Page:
Alwaght-Egyptian ties with the Israeli regime have taken a nosedive after the Tel Aviv regime quietly withdrew its diplomats from Cairo days after a visit by Lebanon’s president.
News of Israeli regime diplomats exiting Cairo come amid reports the regime quietly withdrew its ambassador, David Govrin, from Egypt several weeks over alleged fears about his safety. Egyptian Foreign Ministry officials have not officially comment on the report of withdrawal of Israeli diplomats, including the ambassador from Cairo
Source say Egypt is yet to receive any notification from the Israeli regime on whether the Israeli ambassador has pulled out or not, or on whether he will return to Egypt. The fact that Israeli regime officials have deemed it not necessary to official inform Egypt on reasons for withdrawal of Govrin clearly shows that Israelis view Egyptians with utter contempt.
According to sources, several Israeli regime diplomats have departed Cairo days after a visit by Lebanese President Michel Aoun who reiterated the importance of Hezbollah resistance movement in protecting Lebanon from Israeli aggression.
Egypt hosted Lebanese president Michel Aoun who prior to his visit to Cairo a few days ago openly expressed to Hezbollah’s army and backed Iran’s support for Hezbollah. The move to welcome Aoun seems to have angered Tel Aviv and hence the apparent downgrading of ties with Cairo.
Egypts support for Assad angers Israel
Egyptian President Abdel Fattah el-Sisi has also expressed his support to the Syrian military and government - a position at odds with the Saudi Arabia and the Israeli regime. Both Riyadh and Tel Aviv hold similar stances of supporting terrorists in Syria with the ultimate aim of ousting President Bashar al Assad. Egypt has rejected any plan to oust Assad while maintaining that the Syrian conflict must be resolved politically.
These positions taken by Syria are poles apart from those of the Israeli regime and therefore the two sides have less commonalities in fundamental issues currently affecting the West Asia region.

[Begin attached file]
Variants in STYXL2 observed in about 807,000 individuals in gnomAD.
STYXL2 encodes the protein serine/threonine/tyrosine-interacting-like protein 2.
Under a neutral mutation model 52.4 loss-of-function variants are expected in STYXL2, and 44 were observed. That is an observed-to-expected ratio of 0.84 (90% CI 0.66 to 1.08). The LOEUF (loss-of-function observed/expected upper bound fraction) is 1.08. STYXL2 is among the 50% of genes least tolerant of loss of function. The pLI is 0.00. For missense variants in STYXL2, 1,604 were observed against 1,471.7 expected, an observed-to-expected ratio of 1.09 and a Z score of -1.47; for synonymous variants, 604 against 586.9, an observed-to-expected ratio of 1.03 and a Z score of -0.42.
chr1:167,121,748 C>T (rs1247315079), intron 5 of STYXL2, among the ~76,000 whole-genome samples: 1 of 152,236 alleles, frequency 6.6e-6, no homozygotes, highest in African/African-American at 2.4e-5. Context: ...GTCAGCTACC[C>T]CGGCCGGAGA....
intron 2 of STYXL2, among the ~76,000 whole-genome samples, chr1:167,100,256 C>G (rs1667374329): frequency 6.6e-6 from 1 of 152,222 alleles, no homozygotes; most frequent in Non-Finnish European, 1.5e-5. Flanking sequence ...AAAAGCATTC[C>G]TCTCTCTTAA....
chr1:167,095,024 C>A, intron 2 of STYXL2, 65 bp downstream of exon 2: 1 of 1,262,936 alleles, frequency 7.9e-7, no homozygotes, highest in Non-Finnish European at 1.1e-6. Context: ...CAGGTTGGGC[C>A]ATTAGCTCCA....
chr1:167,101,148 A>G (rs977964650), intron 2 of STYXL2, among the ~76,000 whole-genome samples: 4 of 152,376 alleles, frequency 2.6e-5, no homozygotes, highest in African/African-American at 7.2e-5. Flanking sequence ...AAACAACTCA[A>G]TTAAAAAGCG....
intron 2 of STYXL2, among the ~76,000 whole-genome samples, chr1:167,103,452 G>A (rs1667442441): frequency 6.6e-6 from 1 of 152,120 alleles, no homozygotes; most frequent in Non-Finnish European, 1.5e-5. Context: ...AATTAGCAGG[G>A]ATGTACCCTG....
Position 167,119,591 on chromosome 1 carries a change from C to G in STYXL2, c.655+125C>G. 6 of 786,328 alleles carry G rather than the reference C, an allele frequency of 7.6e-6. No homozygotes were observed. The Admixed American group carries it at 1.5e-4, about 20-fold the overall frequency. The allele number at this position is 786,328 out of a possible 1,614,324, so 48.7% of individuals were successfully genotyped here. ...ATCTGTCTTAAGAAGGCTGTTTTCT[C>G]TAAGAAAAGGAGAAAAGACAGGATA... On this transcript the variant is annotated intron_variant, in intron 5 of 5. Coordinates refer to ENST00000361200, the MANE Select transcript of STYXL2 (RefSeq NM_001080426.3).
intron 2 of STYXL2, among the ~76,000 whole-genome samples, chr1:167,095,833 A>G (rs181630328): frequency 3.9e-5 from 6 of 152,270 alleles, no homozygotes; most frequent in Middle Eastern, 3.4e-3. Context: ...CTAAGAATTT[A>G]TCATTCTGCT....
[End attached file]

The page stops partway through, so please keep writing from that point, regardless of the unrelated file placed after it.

Outrage in Egypt after Netanyahu’s visit to Nile Basin countries
Israeli regime’s Prime Minister Netanyahu’s visit to the Nile Basin countries of Uganda, Rwanda, Kenya and Ethiopia last July provoked outrage in Egypt in what many saw as provocative move by the Tel Aviv regime to deliberately disrupt Egypt’s lifeline.
Netanyahu's visit to these countries corresponds with Israel's relentless efforts to turn upstream countries against downstream countries, especially the republics of Egypt and Sudan. Actually, the Israeli regime tends to portray Egypt and Sudan as the only countries benefiting from the Nile’s waters thus igniting tensions with the upstream countries. Egyptian analysts say Netanyahu’s visit is to Nile Basin countries was based on the idea of security and confronting a common enemy -- which is in this case Egypt -- with promises of partnership and cooperation.
During a talk with the media in Addis Ababa Netanyahu said: The objective of constructing Ethiopia’s controversial Renaissance Dam on the Nile not electricity, but cultivating Ethiopia by an Israeli sponsorship, and that Israel will direct the water of the Nile to wherever the Ethiopians wish. Therefore, there are many factors pulling Egypt and the Israeli regime apart with increasingly shrinking commonalities hence the consistent tensions between the two side.
Egyptians loathe ties with Israel
Egypt became the first Arab nation to sign a so-called peace treaty with the Israeli regime in1979. Most Egyptian have always reviled ties with the Israeli regime and they considered the treaty with Zionists as an act of betrayal by President Anwar Sadat. Indeed, the treaty with the Israeli regime was one of the reasons leading to assassination of Sadat in 1981. The Egyptian public has expressed disapproval of their country’s ties with the Israeli regime and therefore authorities in Cairo will eventually have no option but to respect the wishes of the masses on this issue.